No one stresses the importance of turnovers more than Penn State coach James Franklin.
With Iowa first in the Football Bowl Subdivision in turnover margin and the Nittany Lions 13th, their Big Ten showdown Saturday at 4 p.m. (TV-FOX) in Iowa City likely will come down to which team protects the football better.
“Turnovers equate to winning as much as anything,” Franklin said. “They’re doing a lot of things well. That’s the thing they’re doing right now that makes them special.
“That’s going to be the story of the game, us continuing to do a great job of protecting the football and for us to create a few, too.”
Fourth-ranked Penn State (2-0, 5-0) has a plus-6 ratio with nine takeaways and three giveaways.
The third-ranked Hawkeyes (2-0, 5-0) have 12 interceptions and four fumble recoveries, including six interceptions and a fumble recovery last week in a 51-14 rout at Maryland. They also have just four giveaways for a plus-12 ratio.
In addition, they’ve returned three turnovers for touchdowns and shortened the field several times for their offense.
“Turnovers will be extremely critical,” Penn State quarterback Sean Clifford said, “but it’s critical every single week. We talk about the turnover battle all the time, so it’s nothing new.
“It’s emphasized because of how well they’ve been doing with 16 turnovers and leading the country. It’s definitely a stat that pops out. It doesn’t change our philosophy. We’re a take-care-of-the-ball type team anyway.”
In last year’s game, the Lions committed four turnovers that Iowa converted into 24 points in a 41-21 loss. Will Levis, starting for the benched Clifford, lost two fumbles. Clifford entered the game in the third quarter and threw for touchdowns on consecutive passes, but he also was intercepted twice.
That dropped Penn State to 0-5 with a turnover margin of minus-9. Since then, the Lions are 9-0 with a ratio of plus-7.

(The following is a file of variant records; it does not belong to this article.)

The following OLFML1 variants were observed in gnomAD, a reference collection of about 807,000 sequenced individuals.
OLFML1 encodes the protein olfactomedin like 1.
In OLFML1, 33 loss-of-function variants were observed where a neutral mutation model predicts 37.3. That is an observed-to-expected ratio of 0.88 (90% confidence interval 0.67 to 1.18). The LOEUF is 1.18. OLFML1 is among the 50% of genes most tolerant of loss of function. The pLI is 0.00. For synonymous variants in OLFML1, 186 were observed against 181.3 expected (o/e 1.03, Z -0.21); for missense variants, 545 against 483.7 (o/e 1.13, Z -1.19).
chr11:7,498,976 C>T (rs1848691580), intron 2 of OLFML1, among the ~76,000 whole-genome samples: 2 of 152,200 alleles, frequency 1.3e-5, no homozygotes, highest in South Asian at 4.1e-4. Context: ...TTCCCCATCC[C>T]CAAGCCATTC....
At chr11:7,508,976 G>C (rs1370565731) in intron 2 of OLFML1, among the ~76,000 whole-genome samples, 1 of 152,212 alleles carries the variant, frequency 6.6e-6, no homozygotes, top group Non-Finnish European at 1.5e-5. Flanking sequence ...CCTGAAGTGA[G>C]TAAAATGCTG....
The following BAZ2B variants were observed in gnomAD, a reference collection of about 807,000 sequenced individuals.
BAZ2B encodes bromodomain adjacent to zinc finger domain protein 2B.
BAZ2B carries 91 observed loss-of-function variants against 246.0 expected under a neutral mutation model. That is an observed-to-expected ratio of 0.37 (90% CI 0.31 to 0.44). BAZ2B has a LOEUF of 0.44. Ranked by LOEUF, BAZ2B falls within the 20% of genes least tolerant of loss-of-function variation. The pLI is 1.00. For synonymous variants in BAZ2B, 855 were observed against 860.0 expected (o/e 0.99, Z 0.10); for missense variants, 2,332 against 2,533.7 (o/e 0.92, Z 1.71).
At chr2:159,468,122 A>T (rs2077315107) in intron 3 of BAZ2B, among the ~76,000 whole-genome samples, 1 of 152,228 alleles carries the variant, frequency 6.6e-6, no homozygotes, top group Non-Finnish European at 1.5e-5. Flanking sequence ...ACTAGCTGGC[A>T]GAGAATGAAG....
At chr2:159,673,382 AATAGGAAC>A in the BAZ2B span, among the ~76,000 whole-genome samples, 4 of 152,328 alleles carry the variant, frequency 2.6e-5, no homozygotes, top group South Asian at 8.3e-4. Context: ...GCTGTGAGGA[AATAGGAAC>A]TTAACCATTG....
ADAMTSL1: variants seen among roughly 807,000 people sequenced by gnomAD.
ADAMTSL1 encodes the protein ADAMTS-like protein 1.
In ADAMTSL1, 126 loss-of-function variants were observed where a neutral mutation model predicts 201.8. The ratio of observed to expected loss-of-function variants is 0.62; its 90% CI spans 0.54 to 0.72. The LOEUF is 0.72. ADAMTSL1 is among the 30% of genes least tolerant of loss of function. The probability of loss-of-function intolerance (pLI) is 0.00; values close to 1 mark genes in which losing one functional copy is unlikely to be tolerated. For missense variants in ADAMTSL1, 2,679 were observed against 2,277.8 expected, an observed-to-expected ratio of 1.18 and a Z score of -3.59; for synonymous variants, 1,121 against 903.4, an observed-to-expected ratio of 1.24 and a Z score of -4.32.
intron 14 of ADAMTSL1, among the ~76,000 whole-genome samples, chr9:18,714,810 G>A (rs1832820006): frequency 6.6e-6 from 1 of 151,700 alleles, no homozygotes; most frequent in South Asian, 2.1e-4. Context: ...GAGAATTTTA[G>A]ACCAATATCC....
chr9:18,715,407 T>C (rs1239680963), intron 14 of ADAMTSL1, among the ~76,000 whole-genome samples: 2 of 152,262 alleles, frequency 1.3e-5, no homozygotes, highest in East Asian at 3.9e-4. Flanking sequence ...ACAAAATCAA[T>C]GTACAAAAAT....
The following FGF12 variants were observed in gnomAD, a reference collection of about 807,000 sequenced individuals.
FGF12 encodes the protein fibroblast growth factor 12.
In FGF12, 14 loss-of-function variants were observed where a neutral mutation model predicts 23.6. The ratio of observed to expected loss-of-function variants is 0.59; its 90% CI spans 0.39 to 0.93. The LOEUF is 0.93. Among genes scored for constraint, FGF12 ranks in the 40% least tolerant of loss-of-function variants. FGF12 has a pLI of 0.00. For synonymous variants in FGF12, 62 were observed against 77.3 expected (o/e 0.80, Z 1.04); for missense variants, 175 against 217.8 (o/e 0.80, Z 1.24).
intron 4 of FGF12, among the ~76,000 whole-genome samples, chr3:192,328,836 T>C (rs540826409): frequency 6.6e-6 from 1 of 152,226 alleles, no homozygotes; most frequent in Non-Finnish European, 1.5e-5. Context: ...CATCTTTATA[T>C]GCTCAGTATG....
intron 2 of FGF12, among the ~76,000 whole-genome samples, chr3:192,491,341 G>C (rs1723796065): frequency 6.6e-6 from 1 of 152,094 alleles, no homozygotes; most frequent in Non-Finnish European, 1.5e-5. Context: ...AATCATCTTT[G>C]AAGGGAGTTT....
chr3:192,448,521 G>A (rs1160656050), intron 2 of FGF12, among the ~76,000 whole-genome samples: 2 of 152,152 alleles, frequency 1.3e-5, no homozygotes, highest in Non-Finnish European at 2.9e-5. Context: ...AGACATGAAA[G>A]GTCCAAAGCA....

“It’s going to be a crucial challenge,” Lions offensive tackle Rasheed Walker said. “Everyone knows that Iowa plays its game off turnovers. They want to win the possession battle.
“If we can keep the ball out of their hands, we’re going to have a really, really good chance of being successful. I think Cliff and all the other guys have been doing a great job with that. We should be fine.”
Penn State has made seven interceptions in five games compared to four interceptions in nine games last year. Safety Ji’Ayir Brown leads the Lions with three picks.
“Turnovers are definitely something that we pride ourselves on as a whole defense,” cornerback Tariq Castro-Fields said, “but especially in the DB room. We want to get our hands on the ball (with) deflections, PBU’s (pass break-ups), interceptions, just trying to create havoc back there.
“When you go into a big game and you create turnovers, that flips momentum. That sets our offense up perfectly with field position. Our goal is always to get three turnovers a game or more. That’s going to be big for us, especially on Saturday.”
Iowa junior quarterback Spencer Petras has thrown just one interception in 137 attempts so far, and the Hawkeyes have lost three fumbles.
Penn State has turned it over three times, all interceptions by Clifford: one when he was hit as he threw against Auburn, one when KeAndre Lambert-Smith dropped a pass into the arms of a Villanova defender and one last week when he threw behind a receiver.
He did not throw an interception two years ago in Penn State’s 17-12 win at Iowa.
“They do a good job of being in the right place all the time,” Clifford said. “They’re very assignment sound. They don’t do a ton, but they’ve mastered what they do.”
Franklin said there are several reasons why Iowa is so effective at creating turnovers.
“They’ve done a good job with it over multiple years,” he said. “Their scheme, more times than not, allows them to capitalize on mistakes because they have their eyes on the quarterback as much as anybody in college football.
“They obviously do a great job of coaching it, drilling it and teaching it. I also think the length they have at defensive tackle and defensive end plays into that because they’re able to get their hands on some balls.”
Source: Berkshire mont